Hot Tracks

New albums by Alfred Sim (left) and Charli XCX.

Project SuperStar winner Alfred Sim has turned heads for his debut EP because there are pictures of him in the buff on the cover and in the lyric booklet.

The songs, unfortunately, are not exactly revealing - there are fewer singer-songwriter confessionals and more middle-of-the-road songs with titles such as Lover and Glimmer.

At least the rock-tinged ballads showcase his slightly raspy, powerful pipes.

His voice soars with optimism and idealism on My Friend: "Insisting on the right and ordinary can also be resplendent/Carved on our hearts is a kind of strength."

On the duet, Proud Of Love, he splits lyric-writing and singing duties with his singer-songwriter wife, Tay Kewei, and it sounds tailor-made for the weddings they have performed at over the years.

At the same time, it is also a sweetly personal track as the title in Mandarin combines characters from both their names.



    Alfred Sim

    Cross Ratio Entertainment

    3/5 stars

It would have been a stronger debut if there had been greater variety to the music.

Sim should definitely expose himself to more genres.

Boon Chan

Known for her bubblegum pop exploits in mainstream music, bad- girl pop singer Charli XCX has started her label, Vroom Vroom Recordings, which shares the same name as its first release - a four-track EP.



    Charli XCX

    Vroom Vroom Recordings

    3.5/5 stars

Compared with her Billboard- friendly offerings of the past, the new material is far more left field, rave-friendly and borderline tacky, but still fascinating.

She raps on opening track Vroom Vroom - or attempts to - but it is her trademark British accent and charming bratty attitude that win you over.

The braggadocious rapping continues on Trophy - which samples the line "I want that trophy" from the 1994 movie Pulp Fiction - contains infectious synths, hand claps and an electronic dance music-style drop before the chorus.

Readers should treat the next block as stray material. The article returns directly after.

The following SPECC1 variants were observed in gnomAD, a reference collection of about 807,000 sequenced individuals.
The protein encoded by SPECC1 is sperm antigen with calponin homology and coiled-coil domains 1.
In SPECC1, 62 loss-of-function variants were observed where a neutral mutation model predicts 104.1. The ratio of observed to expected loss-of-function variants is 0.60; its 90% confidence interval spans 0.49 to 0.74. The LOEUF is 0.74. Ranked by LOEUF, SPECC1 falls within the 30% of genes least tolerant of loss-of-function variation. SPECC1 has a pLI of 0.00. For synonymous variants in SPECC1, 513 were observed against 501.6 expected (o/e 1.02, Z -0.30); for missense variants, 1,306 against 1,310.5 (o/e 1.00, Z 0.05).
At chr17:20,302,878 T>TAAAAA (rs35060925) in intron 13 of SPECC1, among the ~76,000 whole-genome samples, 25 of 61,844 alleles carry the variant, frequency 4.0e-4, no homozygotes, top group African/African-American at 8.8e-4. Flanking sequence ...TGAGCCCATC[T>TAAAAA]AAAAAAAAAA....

Paradise employs Alvin And The Chipmunks-style voice effects on her vocals throughout, over a trancey build-up. The weirdness is almost immediately negated by a sweet, melodious verse from fellow Brit Hannah Diamond ("You give me butterflies, when we touch I feel the rush").

Album closer Secret (Shh) finally slows it down after all the high-tempo predecessors, but it does not feel as convincingly weird or as intense as the other tracks.

It might take a few listens to get into it, but her unabashed take on pop is refreshing in the world of manufactured popular music.

Anjali Raguraman

British pianist James Brawn continues on his labour of love with the 32 Beethoven piano sonatas and reaches the halfway mark.



    James Brawn, piano MSR Classics 1467 & 1468

    4.5/5 stars

While keeping the mature and more profound utterances to later instalments, the earlier and nicknamed sonatas benefit from his direct approach, that of Beethoven as a fearless communicator.

Volume 3 begins with Sonata In A Major (Op. 2 No. 2) and continues with the "Tempest" Sonata In D Minor (Op. 31 No. 2). Both possess a sturm und drang (storm of stress) temperament that was to make Beethoven such a rudely fascinating character. The "Les Adieux" Sonata In E Flat Major (Op. 81a) was his only programmatic sonata, with an abundance of joy, sorrow and exhilaration thrown into the mix.

The longest sonata in Volume 4 is the "Pastoral" Sonata In D Major (Op. 28), so named because of its bucolic quality and movements recalling country dances. Its counterpart is the "simple" Sonata In G Major (Op. 79), another work with German folk influences.

The balance is filled with short sonatas such as the late E Minor (Op. 90), with its glorious Schubertian song-like finale. Brawn plays these beautifully, imbued with the quintessential Beethovenian spirit that is hard to resist.

Chang Tou Liang

Music in the 20th century saw a multiplicity of styles and -isms.



    Emma Johnson, clarinet

    John Lenehan, piano Champs Hill 084

    4.5/5 stars

Atonalism and serialism were embraced by the academic and compositional establishment, but alienated casual listeners.

This survey of 20th-century clarinet music written from the 1930s to the 1950s by British clarinettist Emma Johnson steers clear of those, keeping tonality close to her heart.

Already familiar to listeners is the music of Sergei Prokofiev's Flute Sonata (1943, also his Violin Sonata No. 2), which sounds totally idiomatic and lyrical for the clarinet in her arrangement.

There are fascinating contrasts to be found in the Sonatas of Paul Hindemith (1939) and Nino Rota (1945), the astringency and counterpoint of the German juxtaposed with the more melodious and commercial style of the Italian, better known for his film music.

Polish composer Witold Lutoslawski's Dances Preludes (1955) makes the best case for folk-inspired modernism, while the spirituality of Olivier Messiaen's Abyss Of The Birds from Quartet For The End Of Time (1941) and Vocalise-Etude (1935) elevate music to a higher and more ethereal plain.

Johnson has a rich, mellow sound and performs with true feeling and sympathy, which are well captured in the marvellous recording.

Chang Tou Liang

A version of this article appeared in the print edition of The Straits Times on March 02, 2016, with the headline 'Hot Tracks'. Print Edition | Subscribe